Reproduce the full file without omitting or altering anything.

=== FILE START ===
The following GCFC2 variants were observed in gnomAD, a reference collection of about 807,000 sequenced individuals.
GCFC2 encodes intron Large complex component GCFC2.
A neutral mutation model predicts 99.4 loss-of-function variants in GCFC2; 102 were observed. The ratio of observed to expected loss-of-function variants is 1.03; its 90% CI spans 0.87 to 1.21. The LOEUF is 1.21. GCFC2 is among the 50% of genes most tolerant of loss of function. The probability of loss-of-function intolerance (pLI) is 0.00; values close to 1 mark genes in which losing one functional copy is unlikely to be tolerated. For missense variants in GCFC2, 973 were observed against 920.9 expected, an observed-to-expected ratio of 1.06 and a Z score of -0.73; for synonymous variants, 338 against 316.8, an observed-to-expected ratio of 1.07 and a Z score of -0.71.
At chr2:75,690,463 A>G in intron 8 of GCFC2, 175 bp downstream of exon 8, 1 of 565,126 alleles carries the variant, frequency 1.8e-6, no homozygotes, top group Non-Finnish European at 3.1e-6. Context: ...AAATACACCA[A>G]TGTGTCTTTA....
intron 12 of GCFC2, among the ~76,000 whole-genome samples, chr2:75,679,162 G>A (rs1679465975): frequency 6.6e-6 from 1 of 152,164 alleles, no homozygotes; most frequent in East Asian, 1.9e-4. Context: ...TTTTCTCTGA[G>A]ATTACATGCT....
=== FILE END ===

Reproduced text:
The following GCFC2 variants were observed in gnomAD, a reference collection of about 807,000 sequenced individuals.
GCFC2 encodes intron Large complex component GCFC2.
A neutral mutation model predicts 99.4 loss-of-function variants in GCFC2; 102 were observed. The ratio of observed to expected loss-of-function variants is 1.03; its 90% CI spans 0.87 to 1.21. The LOEUF is 1.21. GCFC2 is among the 50% of genes most tolerant of loss of function. The probability of loss-of-function intolerance (pLI) is 0.00; values close to 1 mark genes in which losing one functional copy is unlikely to be tolerated. For missense variants in GCFC2, 973 were observed against 920.9 expected, an observed-to-expected ratio of 1.06 and a Z score of -0.73; for synonymous variants, 338 against 316.8, an observed-to-expected ratio of 1.07 and a Z score of -0.71.
At chr2:75,690,463 A>G in intron 8 of GCFC2, 175 bp downstream of exon 8, 1 of 565,126 alleles carries the variant, frequency 1.8e-6, no homozygotes, top group Non-Finnish European at 3.1e-6. Context: ...AAATACACCA[A>G]TGTGTCTTTA....
intron 12 of GCFC2, among the ~76,000 whole-genome samples, chr2:75,679,162 G>A (rs1679465975): frequency 6.6e-6 from 1 of 152,164 alleles, no homozygotes; most frequent in East Asian, 1.9e-4. Context: ...TTTTCTCTGA[G>A]ATTACATGCT....